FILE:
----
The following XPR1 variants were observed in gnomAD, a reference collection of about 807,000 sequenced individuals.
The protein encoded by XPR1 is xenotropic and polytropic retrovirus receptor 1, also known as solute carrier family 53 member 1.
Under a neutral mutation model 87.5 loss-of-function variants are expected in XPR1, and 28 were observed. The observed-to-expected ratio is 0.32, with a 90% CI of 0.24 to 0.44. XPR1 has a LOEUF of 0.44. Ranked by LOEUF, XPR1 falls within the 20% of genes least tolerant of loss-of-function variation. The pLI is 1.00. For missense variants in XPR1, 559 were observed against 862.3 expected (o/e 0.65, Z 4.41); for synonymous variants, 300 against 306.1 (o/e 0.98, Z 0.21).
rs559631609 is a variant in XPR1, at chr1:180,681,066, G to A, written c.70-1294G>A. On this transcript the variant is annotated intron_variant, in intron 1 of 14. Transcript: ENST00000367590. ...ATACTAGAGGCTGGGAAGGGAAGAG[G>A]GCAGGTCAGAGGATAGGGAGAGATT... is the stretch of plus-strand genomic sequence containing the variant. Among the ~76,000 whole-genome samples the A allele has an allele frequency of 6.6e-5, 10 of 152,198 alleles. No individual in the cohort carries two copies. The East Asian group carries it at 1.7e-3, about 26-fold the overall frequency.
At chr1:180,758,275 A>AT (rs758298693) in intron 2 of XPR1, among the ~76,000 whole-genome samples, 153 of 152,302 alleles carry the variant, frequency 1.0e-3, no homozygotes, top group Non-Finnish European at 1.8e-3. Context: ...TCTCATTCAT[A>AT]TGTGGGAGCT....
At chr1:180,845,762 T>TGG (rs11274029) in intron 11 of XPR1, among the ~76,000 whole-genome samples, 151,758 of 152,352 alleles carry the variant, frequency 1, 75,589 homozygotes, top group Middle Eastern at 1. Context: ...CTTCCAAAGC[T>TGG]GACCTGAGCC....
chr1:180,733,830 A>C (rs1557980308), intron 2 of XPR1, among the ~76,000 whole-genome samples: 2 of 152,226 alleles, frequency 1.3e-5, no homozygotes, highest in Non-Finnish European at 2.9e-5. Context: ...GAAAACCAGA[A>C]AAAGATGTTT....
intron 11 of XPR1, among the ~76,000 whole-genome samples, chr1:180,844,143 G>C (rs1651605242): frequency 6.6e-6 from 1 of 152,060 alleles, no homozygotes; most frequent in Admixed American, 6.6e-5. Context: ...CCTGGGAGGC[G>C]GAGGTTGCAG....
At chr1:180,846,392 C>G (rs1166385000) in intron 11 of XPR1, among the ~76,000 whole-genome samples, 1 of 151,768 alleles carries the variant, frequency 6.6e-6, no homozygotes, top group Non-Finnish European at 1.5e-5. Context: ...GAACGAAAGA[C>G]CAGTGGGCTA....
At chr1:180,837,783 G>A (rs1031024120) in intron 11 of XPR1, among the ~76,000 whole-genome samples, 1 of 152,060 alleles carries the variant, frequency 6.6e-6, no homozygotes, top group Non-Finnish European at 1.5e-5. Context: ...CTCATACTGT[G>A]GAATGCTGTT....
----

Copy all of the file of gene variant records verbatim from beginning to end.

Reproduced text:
The following XPR1 variants were observed in gnomAD, a reference collection of about 807,000 sequenced individuals.
The protein encoded by XPR1 is xenotropic and polytropic retrovirus receptor 1, also known as solute carrier family 53 member 1.
Under a neutral mutation model 87.5 loss-of-function variants are expected in XPR1, and 28 were observed. The observed-to-expected ratio is 0.32, with a 90% CI of 0.24 to 0.44. XPR1 has a LOEUF of 0.44. Ranked by LOEUF, XPR1 falls within the 20% of genes least tolerant of loss-of-function variation. The pLI is 1.00. For missense variants in XPR1, 559 were observed against 862.3 expected (o/e 0.65, Z 4.41); for synonymous variants, 300 against 306.1 (o/e 0.98, Z 0.21).
rs559631609 is a variant in XPR1, at chr1:180,681,066, G to A, written c.70-1294G>A. On this transcript the variant is annotated intron_variant, in intron 1 of 14. Transcript: ENST00000367590. ...ATACTAGAGGCTGGGAAGGGAAGAG[G>A]GCAGGTCAGAGGATAGGGAGAGATT... is the stretch of plus-strand genomic sequence containing the variant. Among the ~76,000 whole-genome samples the A allele has an allele frequency of 6.6e-5, 10 of 152,198 alleles. No individual in the cohort carries two copies. The East Asian group carries it at 1.7e-3, about 26-fold the overall frequency.
At chr1:180,758,275 A>AT (rs758298693) in intron 2 of XPR1, among the ~76,000 whole-genome samples, 153 of 152,302 alleles carry the variant, frequency 1.0e-3, no homozygotes, top group Non-Finnish European at 1.8e-3. Context: ...TCTCATTCAT[A>AT]TGTGGGAGCT....
At chr1:180,845,762 T>TGG (rs11274029) in intron 11 of XPR1, among the ~76,000 whole-genome samples, 151,758 of 152,352 alleles carry the variant, frequency 1, 75,589 homozygotes, top group Middle Eastern at 1. Context: ...CTTCCAAAGC[T>TGG]GACCTGAGCC....
chr1:180,733,830 A>C (rs1557980308), intron 2 of XPR1, among the ~76,000 whole-genome samples: 2 of 152,226 alleles, frequency 1.3e-5, no homozygotes, highest in Non-Finnish European at 2.9e-5. Context: ...GAAAACCAGA[A>C]AAAGATGTTT....
intron 11 of XPR1, among the ~76,000 whole-genome samples, chr1:180,844,143 G>C (rs1651605242): frequency 6.6e-6 from 1 of 152,060 alleles, no homozygotes; most frequent in Admixed American, 6.6e-5. Context: ...CCTGGGAGGC[G>C]GAGGTTGCAG....
At chr1:180,846,392 C>G (rs1166385000) in intron 11 of XPR1, among the ~76,000 whole-genome samples, 1 of 151,768 alleles carries the variant, frequency 6.6e-6, no homozygotes, top group Non-Finnish European at 1.5e-5. Context: ...GAACGAAAGA[C>G]CAGTGGGCTA....
At chr1:180,837,783 G>A (rs1031024120) in intron 11 of XPR1, among the ~76,000 whole-genome samples, 1 of 152,060 alleles carries the variant, frequency 6.6e-6, no homozygotes, top group Non-Finnish European at 1.5e-5. Context: ...CTCATACTGT[G>A]GAATGCTGTT....